1.12.2007   

EN

Official Journal of the European Union

L 314/21


COMMISSION DECISION

of 21 August 2007

declaring a concentration compatible with the common market and the functioning of the EEA Agreement

(Case COMP/M.4523 — Travelport/Worldspan)

(notified under document number C(2007) 3938)

(Only the English text is authentic)

(Text with EEA relevance)

(2007/781/EC)

On 21 August 2007 the Commission adopted a Decision in a merger case under Council Regulation (EC) No 139/2004 of 20 January 2004 on the control of concentrations between undertakings (1), and in particular Article 8(1) of that Regulation. A non-confidential version of the full decision can be found in the authentic language of the case and in the working languages of the Commission on the website of the Directorate-General for Competition, at the following address: http://ec.europa.eu/comm/competition/index_en.html

I.   SUMMARY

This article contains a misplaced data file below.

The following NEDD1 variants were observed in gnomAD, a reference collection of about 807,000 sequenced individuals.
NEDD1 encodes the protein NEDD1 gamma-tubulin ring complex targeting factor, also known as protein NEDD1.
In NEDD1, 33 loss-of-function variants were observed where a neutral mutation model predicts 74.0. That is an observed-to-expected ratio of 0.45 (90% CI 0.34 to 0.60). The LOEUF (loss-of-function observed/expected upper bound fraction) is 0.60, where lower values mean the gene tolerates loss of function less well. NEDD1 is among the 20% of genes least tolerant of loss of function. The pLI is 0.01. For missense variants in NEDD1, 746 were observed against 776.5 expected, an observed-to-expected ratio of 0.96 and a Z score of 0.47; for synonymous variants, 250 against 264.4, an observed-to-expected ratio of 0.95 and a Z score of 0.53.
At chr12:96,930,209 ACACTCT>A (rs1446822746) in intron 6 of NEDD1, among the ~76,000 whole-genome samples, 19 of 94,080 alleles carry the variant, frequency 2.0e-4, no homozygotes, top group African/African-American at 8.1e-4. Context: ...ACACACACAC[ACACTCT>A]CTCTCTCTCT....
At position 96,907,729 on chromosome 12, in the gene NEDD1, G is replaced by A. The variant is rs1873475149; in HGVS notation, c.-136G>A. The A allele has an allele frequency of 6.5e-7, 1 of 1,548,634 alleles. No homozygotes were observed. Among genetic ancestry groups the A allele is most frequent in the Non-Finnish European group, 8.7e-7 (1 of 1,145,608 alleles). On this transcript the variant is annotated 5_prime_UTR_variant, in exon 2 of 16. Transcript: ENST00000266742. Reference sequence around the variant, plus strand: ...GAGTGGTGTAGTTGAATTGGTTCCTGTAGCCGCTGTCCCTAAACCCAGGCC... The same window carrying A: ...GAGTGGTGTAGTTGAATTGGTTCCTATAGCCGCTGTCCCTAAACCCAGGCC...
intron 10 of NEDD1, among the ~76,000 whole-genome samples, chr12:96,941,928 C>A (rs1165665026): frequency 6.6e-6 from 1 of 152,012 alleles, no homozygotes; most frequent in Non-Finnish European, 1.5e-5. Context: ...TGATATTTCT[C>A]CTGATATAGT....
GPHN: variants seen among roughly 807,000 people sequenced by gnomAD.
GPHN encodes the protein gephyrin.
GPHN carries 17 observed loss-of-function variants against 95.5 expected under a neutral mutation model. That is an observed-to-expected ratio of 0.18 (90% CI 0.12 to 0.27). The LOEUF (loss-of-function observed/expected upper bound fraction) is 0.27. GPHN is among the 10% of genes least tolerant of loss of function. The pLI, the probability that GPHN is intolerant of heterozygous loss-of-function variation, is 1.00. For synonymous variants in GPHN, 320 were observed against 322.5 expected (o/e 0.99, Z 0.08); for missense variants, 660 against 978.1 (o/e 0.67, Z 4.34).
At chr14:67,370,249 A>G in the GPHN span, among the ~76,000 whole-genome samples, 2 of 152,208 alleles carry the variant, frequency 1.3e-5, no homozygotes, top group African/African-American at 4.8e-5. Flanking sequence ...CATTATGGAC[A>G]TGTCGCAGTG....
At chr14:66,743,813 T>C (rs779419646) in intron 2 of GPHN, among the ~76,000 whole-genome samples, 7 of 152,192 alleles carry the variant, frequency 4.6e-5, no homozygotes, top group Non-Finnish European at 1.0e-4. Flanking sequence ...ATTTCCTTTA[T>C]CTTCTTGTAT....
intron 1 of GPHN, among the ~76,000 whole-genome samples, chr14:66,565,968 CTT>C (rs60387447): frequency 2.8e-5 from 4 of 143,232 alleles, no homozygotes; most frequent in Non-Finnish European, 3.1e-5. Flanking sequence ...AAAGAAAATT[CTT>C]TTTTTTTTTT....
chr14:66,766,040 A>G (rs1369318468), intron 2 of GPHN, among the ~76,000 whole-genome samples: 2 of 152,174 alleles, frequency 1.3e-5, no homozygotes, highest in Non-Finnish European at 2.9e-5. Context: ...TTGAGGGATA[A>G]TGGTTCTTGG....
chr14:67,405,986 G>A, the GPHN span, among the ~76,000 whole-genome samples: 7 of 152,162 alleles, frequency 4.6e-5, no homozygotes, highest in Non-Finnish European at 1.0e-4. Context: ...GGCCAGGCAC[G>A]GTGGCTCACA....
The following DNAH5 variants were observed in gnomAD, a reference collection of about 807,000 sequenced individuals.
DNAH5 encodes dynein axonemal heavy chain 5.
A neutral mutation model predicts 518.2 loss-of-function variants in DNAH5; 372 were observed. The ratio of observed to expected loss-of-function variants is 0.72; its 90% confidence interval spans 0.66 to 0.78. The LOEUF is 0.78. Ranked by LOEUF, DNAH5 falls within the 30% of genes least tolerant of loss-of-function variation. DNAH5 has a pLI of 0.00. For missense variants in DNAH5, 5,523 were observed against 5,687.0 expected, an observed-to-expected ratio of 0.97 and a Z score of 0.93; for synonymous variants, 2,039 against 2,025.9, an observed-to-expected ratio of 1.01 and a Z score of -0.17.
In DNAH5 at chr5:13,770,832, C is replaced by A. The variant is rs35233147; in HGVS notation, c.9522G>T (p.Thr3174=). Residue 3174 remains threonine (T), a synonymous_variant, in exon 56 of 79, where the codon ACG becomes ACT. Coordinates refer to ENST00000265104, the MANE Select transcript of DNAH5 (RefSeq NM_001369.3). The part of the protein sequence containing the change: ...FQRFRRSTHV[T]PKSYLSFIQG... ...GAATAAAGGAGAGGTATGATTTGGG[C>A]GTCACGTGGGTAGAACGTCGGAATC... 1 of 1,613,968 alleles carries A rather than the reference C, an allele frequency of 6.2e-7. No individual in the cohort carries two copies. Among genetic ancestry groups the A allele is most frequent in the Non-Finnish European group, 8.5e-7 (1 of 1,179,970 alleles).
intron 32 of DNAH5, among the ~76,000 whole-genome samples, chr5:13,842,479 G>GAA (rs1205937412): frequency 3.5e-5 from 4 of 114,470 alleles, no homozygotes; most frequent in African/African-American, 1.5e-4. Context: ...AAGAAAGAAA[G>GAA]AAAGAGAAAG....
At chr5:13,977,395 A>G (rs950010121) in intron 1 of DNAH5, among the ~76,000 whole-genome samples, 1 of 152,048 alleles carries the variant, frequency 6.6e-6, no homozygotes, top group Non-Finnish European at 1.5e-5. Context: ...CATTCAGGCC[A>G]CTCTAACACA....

(1)

Travelport LLC, a subsidiary of the Blackstone Group (Blackstone, USA), operates Galileo — a global distribution system (GDS) and Gulliver's Travel Associates. In addition, Travelport operates a number of online travel agencies and websites, including ebookers, Orbitz, Cheaptickets, Octopus Travel, HotelClub and RatesToGo.

(2)

Worldspan Technologies Inc. (Worldspan) provides travel distribution services through the Worldspan GDS. The company focuses on providing GDS services to on-line and, more recently also traditional travel agencies, primarily in the leisure sector. Furthermore, Worldspan provides IT services to airlines (e.g. internal reservation systems and flight operations technology services).

(3)

Pursuant to the operation, based on a referral pursuant to Article 4(5) of Council Regulation (EC) No 139/2004 (the Merger Regulation) Travelport acquires within the meaning of Article 3(1)(b) of the Merger Regulation control of the whole of Worldspan by way of purchase of shares.

(4)

The Commission’s market investigation has revealed that the proposed concentration will not give raise to any competition concerns as a result of which effective competition would be significantly impeded in the Common Market or in a substantial part of it.

II.   EXPLANATORY MEMORANDUM